News National Why Malcolm Turnbull has his backbench fretting
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Why Malcolm Turnbull has his backbench fretting

The PM's negative gearing whispers has backbenchers concerned.
AAP
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Prime Minister Malcolm Turnbull has been publicly warned by members of his own party about cutting tax breaks for property investors, with backbenchers voicing fears of a voter backlash.

Liberal senator Zed Seselja said “there would be significant concern” among his backbench colleagues if Mr Turnbull changed negative gearing rules.

“We should tread very cautiously in the area of negative gearing,” Mr Seselja said.

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The free advice came as Mr Turnbull quashed fortnight-long rumours that the Goods and Services Tax (GST) would be increased to 15 per cent in the May budget.

However, he was silent on negative gearing and superannuation reform that remained on the agenda as part of the tax reform package.

Mr Turnbull said on Tuesday he was looking at every aspect of negative gearing, but he wouldn’t be mimicking Labor’s “badly designed” proposal to restrict it to new properties.

“The idea that this is a massive rort for the rich is simply not right,” Mr Turnbull said.

Treasurer Scott Morrison had been hinting towards the changes he wanted to make to tax breaks for Australians who invested in property.

Mr Goodenough said business people in his electorate.
Mr Goodenough said business people in his electorate raised concerns with him personally. Photo: AAP

Meanwhile, West Australian Liberal backbencher Ian Goodenough said business people in his electorate – “people who work, save and invest” – raised concerns with him over the weekend about the impact negative gearing changes would have on confidence.

South-western Sydney Liberal MP Craig Kelly said he was worried changes to negative gearing would push up rental prices and make it even harder for people to save to buy a house.

“We need to remember sometimes when we play with these taxes they have a lot of unintended consequences,” Mr Kelly told the ABC.

“Rather than tinkering at the edges and trying to tinker with taxation policy or something here and there, the simple fact is there is just not enough supply.”

Townsville-based Federal Liberal MP Ewen Jones said negative gearing was a big issue in his electorate.

“We have a 40 per cent rental market here,” he told the ABC.

Mr Jones said he would support changes to curb the excessive use of negative gearing, but wanted it based on sound modelling.

“If we can come down with a sensible limit on a dollar amount or a number of properties you can have, that benefit the community, that’s where you’ve got to end up,” he said.

Libs, ALP both warned against ‘playing around’

On Saturday, Opposition Leader Bill Shorten proposed changing the law so that from July 2017 only new properties would be able to be negatively geared.

Mr Turnbull attacked Mr Shorten’s plan as badly designed, but said the Coalition was also considering changes to negative gearing rules.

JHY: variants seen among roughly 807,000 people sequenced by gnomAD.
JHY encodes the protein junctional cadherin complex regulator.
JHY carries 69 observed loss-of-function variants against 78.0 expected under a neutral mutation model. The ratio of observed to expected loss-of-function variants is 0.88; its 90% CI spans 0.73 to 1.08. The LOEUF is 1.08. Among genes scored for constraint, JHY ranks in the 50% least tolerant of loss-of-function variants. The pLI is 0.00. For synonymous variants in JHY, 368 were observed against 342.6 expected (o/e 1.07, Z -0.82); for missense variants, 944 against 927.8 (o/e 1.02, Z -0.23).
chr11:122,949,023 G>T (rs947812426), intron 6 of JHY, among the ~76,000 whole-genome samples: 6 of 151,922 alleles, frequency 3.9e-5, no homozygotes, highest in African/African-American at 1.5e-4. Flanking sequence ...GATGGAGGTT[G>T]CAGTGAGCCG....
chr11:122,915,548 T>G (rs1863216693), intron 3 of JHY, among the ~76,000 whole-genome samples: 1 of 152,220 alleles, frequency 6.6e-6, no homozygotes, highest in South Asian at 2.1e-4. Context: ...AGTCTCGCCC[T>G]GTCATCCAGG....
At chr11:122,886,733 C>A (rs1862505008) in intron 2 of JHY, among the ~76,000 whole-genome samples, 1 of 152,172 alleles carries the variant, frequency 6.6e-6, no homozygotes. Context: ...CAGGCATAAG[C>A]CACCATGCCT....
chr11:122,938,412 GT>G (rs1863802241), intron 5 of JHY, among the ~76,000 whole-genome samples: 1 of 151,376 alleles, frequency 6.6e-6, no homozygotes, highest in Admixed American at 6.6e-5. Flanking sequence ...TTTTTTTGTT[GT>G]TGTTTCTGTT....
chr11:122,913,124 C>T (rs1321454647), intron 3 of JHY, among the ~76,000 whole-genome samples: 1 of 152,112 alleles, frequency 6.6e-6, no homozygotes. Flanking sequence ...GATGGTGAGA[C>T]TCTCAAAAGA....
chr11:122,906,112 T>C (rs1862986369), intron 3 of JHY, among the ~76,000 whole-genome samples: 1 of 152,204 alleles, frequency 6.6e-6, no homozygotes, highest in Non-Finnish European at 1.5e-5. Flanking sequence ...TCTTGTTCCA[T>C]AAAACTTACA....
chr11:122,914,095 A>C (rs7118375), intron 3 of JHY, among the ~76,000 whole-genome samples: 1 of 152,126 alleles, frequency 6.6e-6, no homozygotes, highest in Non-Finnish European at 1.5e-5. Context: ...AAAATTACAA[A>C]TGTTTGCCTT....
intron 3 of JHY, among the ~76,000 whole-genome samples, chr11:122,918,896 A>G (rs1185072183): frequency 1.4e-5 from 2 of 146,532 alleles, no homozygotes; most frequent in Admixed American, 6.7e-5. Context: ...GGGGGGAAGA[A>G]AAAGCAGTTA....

The government will have to deliver some sort of tax reform package by May.
The government will have to deliver some sort of tax reform package by May. Photo: AAP

Property Council chief executive Ken Morrison warned both sides of politics against “playing around” with negative gearing for a part of the economy that was providing economic growth and jobs.

“We have seen it in the past where governments at the state and federal level have made significant tax changes, claimed it’s targeted, claimed it’s well modelled and in fact it has had major impact,” he told Sky News.

Meanwhile, welfare group ACOSS had been calling for reform to negative gearing for some time, saying it was a “major distortion of people’s investment decisions”.

Instead, ACOSS in its pre-budget submission called for a tax incentive to encourage institutional investors into the affordable housing market to build up stock.

In its budget submission, the Minerals Council of Australia called for a phased reduction in Australia’s corporate tax rate, that remained at 30 per cent for big business, to make the tax system more globally competitive.

The chief executive of biotechnology giant CSL Paul Perreault agreed.

“If you want to attract new industries and jobs and to create top-rate manufacturing facilities then I think you have to be competitive with the people that seem to be getting more of the play,” Mr Perreault said.

PM rules out GST hike

Earlier on Tuesday, Mr Turnbull backed away from criticised whispers that the government would raise the GST to 15 per cent at the May budget.

Until now, the PM had refused to rule out the plans since 2015, as part of the government’s tax reform package.

“I can assure you that the government will not be taking a proposal to increase the GST to the election,” Mr Turnbull told reporters in Rockhampton as part of his four-day tour of Queensland on Tuesday.

Treasury modelling released last week showed that increasing the GST did not give the economic growth dividend people had assumed it would.

“Somewhere between nil and very small,” Mr Turnbull said at the time.

The Federal Opposition has been campaigning hard against any potential increase, with Mr Shorten calling on the Prime Minister to rule out the option earlier on Tuesday morning.

with AAP

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